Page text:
No autograph of BWV 572 survives.
The earliest extant manuscript copies of the piece originated in the 1710s (early version) and 1720s (revised version). The piece was most likely composed in the early years of Bach's tenure at Weimar (1708–1717).
The revised version must have been completed at least half a year before Bach moved from Köthen to Leipzig in the spring of 1723.
The piece starts in compound quadruple meter (12/8). This movement is very dynamic and cheerful, and features complete absence of the pedal. The broken chords shared between left and right hand do not seem to have a parallel in any work by another composer.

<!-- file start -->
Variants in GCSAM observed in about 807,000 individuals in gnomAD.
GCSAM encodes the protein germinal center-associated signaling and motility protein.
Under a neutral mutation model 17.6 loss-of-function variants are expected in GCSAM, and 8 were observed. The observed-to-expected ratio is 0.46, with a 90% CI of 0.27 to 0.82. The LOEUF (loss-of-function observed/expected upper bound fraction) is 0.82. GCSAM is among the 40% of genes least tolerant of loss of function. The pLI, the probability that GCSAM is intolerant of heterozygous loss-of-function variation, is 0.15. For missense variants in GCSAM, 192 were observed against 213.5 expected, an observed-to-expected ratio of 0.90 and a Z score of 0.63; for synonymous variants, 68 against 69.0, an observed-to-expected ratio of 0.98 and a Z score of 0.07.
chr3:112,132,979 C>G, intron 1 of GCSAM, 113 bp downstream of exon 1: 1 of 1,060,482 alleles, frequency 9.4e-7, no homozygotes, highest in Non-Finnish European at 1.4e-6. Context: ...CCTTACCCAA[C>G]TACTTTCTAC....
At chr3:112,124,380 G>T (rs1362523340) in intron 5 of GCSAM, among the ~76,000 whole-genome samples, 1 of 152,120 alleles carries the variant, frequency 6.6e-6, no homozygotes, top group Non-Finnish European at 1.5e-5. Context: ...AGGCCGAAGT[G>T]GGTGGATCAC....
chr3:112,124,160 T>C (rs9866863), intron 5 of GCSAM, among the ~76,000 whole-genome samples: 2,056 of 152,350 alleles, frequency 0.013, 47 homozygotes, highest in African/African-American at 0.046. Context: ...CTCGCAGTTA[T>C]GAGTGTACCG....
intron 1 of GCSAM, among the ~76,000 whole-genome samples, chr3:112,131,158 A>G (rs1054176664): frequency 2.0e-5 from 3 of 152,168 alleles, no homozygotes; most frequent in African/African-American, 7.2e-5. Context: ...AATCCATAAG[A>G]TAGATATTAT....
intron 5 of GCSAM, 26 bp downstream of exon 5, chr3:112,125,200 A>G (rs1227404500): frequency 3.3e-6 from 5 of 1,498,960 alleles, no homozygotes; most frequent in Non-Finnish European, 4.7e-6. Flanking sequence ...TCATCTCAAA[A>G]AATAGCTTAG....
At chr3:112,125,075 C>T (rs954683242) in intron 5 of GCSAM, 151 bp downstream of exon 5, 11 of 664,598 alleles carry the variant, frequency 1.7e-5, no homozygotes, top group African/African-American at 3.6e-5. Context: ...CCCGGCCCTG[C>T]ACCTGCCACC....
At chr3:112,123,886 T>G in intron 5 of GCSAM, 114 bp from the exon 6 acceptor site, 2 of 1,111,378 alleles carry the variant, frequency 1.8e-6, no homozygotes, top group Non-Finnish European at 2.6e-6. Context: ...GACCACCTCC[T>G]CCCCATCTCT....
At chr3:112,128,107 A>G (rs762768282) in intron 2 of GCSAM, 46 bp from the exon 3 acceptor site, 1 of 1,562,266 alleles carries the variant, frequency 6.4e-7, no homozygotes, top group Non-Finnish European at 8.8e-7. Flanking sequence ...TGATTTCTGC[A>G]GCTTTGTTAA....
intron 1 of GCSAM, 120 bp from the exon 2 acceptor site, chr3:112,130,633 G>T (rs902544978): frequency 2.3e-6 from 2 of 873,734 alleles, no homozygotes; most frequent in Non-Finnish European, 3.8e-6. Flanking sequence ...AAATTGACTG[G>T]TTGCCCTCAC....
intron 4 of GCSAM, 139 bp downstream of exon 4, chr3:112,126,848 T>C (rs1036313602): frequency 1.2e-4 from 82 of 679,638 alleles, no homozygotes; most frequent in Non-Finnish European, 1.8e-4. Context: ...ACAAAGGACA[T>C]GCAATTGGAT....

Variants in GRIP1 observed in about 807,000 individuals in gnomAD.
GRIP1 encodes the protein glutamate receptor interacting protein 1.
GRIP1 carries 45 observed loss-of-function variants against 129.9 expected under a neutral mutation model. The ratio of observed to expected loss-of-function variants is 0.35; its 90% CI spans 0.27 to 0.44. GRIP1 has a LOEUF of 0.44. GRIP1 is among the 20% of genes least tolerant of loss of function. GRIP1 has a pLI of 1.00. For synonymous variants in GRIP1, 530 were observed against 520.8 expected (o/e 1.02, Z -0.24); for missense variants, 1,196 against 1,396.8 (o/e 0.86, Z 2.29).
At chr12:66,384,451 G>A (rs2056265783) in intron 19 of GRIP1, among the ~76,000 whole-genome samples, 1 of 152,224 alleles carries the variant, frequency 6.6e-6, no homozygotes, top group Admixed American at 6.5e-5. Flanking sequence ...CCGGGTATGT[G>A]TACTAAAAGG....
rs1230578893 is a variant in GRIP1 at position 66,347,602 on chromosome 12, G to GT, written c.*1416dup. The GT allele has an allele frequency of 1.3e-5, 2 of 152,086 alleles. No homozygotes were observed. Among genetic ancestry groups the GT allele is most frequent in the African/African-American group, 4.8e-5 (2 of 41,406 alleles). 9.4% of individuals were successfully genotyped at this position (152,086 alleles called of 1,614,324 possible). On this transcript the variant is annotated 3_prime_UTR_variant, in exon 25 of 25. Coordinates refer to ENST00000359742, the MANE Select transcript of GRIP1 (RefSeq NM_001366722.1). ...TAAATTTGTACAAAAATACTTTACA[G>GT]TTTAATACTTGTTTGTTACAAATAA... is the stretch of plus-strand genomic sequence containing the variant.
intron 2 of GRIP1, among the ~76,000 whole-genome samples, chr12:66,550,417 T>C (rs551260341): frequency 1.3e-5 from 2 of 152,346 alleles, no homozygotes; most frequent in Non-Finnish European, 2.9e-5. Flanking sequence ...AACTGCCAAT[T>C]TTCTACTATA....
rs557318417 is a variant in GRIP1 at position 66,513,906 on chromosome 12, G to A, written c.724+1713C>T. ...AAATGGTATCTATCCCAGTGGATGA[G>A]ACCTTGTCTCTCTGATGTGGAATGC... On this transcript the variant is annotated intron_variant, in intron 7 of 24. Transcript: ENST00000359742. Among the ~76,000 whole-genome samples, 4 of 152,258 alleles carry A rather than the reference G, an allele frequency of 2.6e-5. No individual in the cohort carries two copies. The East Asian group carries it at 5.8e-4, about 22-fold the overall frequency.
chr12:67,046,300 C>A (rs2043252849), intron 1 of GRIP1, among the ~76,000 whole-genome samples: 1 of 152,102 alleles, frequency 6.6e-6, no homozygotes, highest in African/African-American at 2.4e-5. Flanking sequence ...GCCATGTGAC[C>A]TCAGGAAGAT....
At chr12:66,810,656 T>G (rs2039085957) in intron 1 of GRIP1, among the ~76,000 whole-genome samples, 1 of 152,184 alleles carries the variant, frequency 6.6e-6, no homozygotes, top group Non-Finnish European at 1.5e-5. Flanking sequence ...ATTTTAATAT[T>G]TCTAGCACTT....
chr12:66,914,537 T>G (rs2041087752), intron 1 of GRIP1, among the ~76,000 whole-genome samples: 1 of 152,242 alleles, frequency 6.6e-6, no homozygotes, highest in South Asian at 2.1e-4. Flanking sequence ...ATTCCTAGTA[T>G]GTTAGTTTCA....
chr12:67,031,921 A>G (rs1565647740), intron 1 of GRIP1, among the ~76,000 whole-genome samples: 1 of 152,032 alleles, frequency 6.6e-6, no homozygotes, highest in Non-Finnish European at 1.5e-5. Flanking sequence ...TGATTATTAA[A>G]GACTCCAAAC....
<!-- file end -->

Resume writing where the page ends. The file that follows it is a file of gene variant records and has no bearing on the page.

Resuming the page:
The youthful vigor and digital dexterity of the opening movement leads to a broken tonic pedal point, which then transitions to the contrapuntal central section which features five voices. In contrast to the first movement, it employs the entire range of the instrument.
The dense texture of the movement makes it more idiomatic for the instrument and more typical for Bach. The movement uses long held chords with many suspensions to great effect, an idiom which Bach employed with relative frequency in his mature works.
The contrapuntal section fails to resolve back to its key chord, and instead leads into a coda which shows close similarities to the final line of BWV 565, Bach's Toccata and Fugue in D minor
Played on the Three Plena of the Poblet Metzler
Tres vitement: Plenum Unterwerk
Grave: 16' Plenum HW
Ped: 32' Plenum
Lentement: Plenum Rueckpositiv
Ped: Subbas 16', Octavbass 8'